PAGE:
Rochester Art Center presents Bio Terrains an exhibition of multimedia installations and sculptures by Minneapolis-based artist Jane Powers.
Through the use of metaphors and symbolism, the artworks featured in this show embody Powers' research on biomedical developments in tissue engineering and xenotransplantation.
Powers' extended practices investigates the tensions between creation and destruction within our societal structures and institutions: “Two main themes continue in my work. One focus is examining the impulses for and consequences of gun violence and war. A second looks into aspects of the rapidly advancing biomedical field. I am interested in the incongruity of some institutions advancing innovative ways to heal and augment our bodies, while at the same time, others are developing sophisticated weapons that are extremely injurious to soldiers and civilians” write the artist in her statement.
Bio Terrains exemplifies this tension by including artworks such as the mixed media sculpture Twins, 2022 or the multimedia installation Who receives?, 2023. With a distinct aesthetic, reminiscent of sci-fi literature and cinema, these artworks question the ethics of science and of human survival strategies. They insert themselves into a historical dialogue between natural versus artificial. For example, due to the increasing demand of organ replacements, medical research is currently exploring how to create replacement organs. “I am fascinated by the use of stem cells for repairing damaged organs (..) including the experimental modification of pigs with human DNA in order to reduce tissue rejections.”
Powers' artistic research delves into complex questions, such as: what technologies do we invest in, on a societal level? How are innovations selected and by who? Who will be able to access and benefit from this research? And what are the ramifications of bypassing our inherited genetic code? In the artist's words: “We use medical procedures beyond repairing and healing. Tattooing and plastic surgeries are routinely used by many individuals to revise their appearance. In the future, some individuals may decide to evolve their biology to grow gills in addition to lungs.” As you experience this exhibition, we encourage you to consider the philosophical issues behind scientific progress: for example, does raising human stem cell-injected animals for replacement body tissue and organs create ethical issues that differ from farming animals for food and hides? As you walk through the Cityview gallery and look through the window towards Downtown Rochester and Mayo Clinic hospital, consider the tangible presence of these discourses and their connection with our past, present and future.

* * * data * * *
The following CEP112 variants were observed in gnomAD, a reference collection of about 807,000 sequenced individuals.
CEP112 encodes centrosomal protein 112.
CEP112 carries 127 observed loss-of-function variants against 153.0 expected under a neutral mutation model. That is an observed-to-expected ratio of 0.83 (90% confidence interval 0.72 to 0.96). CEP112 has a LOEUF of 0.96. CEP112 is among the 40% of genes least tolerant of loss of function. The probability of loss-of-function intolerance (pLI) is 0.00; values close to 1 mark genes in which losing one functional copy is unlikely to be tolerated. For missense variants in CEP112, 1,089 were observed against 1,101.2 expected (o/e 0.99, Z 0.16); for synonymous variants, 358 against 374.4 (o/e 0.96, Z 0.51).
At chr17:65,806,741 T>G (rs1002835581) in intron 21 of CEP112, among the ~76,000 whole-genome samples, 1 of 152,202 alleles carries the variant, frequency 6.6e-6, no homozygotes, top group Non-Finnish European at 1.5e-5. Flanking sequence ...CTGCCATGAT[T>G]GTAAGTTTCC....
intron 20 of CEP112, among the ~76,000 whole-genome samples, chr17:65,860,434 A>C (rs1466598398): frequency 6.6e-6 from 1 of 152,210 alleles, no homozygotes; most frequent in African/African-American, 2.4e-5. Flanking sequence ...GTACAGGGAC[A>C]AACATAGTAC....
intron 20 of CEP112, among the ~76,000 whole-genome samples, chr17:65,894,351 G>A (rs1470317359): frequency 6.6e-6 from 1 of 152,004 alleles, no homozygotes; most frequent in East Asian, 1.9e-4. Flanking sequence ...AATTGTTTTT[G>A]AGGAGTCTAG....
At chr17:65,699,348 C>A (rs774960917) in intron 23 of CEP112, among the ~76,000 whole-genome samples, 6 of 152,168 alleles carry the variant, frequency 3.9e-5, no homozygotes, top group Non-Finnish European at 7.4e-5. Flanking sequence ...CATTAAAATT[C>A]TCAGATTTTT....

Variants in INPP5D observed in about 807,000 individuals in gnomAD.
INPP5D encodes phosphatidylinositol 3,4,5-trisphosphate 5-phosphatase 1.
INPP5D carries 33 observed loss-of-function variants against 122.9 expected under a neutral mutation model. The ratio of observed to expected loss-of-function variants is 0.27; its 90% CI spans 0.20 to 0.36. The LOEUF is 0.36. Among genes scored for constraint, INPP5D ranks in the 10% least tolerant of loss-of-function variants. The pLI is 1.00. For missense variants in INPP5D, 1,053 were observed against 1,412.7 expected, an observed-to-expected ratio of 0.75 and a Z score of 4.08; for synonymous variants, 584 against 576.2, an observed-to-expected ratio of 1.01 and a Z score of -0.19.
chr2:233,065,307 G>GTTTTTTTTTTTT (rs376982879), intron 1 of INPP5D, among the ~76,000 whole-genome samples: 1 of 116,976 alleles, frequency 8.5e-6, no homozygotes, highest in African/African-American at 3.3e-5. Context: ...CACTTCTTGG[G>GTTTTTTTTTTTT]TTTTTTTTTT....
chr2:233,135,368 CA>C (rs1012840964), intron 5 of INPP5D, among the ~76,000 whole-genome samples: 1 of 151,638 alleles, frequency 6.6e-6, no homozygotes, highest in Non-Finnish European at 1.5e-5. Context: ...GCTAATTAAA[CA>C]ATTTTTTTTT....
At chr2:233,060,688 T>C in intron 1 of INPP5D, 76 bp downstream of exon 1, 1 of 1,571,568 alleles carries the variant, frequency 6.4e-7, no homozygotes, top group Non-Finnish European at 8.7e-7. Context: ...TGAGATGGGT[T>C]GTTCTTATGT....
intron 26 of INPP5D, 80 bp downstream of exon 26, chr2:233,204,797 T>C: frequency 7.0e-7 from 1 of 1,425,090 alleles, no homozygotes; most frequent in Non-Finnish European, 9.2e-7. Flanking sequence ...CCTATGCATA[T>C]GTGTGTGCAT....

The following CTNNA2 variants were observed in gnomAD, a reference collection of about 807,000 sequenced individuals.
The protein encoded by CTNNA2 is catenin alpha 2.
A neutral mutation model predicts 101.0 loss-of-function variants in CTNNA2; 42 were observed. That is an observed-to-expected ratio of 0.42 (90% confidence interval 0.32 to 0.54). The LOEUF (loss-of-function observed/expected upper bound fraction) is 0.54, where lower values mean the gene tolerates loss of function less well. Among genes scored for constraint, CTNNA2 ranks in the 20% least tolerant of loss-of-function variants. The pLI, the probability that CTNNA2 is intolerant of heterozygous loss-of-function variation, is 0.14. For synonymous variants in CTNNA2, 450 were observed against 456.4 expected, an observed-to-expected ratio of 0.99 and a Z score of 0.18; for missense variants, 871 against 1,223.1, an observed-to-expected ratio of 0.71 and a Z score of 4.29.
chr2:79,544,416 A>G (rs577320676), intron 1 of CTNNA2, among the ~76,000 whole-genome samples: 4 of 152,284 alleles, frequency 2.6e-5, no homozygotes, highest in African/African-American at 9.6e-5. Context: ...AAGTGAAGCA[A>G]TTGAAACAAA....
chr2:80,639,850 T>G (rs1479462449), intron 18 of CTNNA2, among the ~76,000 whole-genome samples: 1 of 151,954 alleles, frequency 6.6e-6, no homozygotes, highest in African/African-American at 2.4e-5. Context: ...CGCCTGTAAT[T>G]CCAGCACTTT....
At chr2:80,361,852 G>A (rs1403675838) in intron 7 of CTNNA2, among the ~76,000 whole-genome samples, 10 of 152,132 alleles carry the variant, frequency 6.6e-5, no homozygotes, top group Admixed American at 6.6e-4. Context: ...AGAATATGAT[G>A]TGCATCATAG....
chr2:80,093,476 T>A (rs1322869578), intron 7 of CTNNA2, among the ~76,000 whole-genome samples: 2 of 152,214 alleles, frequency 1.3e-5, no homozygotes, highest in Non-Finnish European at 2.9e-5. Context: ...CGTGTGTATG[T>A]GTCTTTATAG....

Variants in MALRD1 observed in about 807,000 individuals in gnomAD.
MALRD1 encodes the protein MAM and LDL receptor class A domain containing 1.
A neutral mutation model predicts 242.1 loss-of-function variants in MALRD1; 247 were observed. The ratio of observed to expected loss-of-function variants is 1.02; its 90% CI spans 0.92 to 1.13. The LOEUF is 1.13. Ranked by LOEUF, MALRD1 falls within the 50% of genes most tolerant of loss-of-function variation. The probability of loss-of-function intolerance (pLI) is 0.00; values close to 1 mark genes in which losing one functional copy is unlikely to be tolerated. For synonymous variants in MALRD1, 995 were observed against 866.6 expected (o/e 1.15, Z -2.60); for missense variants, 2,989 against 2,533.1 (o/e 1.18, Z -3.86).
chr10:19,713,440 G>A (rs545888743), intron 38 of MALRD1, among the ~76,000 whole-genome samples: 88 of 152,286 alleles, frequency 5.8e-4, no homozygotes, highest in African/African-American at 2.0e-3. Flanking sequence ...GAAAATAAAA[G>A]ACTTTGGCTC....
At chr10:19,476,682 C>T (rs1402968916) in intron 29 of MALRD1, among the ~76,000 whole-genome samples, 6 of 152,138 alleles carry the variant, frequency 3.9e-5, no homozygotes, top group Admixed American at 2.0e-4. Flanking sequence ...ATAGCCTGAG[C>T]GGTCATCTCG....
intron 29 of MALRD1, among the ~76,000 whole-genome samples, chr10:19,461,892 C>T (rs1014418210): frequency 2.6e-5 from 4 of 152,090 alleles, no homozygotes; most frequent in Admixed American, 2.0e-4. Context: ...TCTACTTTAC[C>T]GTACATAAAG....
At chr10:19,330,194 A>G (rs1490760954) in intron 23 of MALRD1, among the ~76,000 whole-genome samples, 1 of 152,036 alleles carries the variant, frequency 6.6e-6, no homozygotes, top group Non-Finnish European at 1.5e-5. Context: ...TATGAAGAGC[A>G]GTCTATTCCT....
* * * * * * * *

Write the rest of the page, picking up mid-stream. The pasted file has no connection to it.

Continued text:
About the Artist:
Jane Powers is a mixed media sculptor and participatory public artist. Her early interest in sociology/psychology, connections within the medical field and volunteer work with community groups fuels her practice of exploring social-political issues. Powers works with porcelain, metal, rubber, resin, lab glassware, as well as. embedded video and electronics. Using a range of media offers her the ability to juxtapose and layer elements to create more complex visual dialogues.
Powers graduated in 1998 with a Master in Fine Arts and focus on sculpture from Minneapolis College of Art and Design. She is the recipient of several State Arts Board grants, one MRAC Next Step grant and one Forecast R&D grant. Her work has beenexhibited locally and nationally in solo and group exhibitions. Through collaboration with other artists, she has brought her interest in addressing various social-political issues to public spaces in the Twin Cities.
Image: X-Skel, 2015, mixed media (cast aluminum, flocking), 24”x18”x8"
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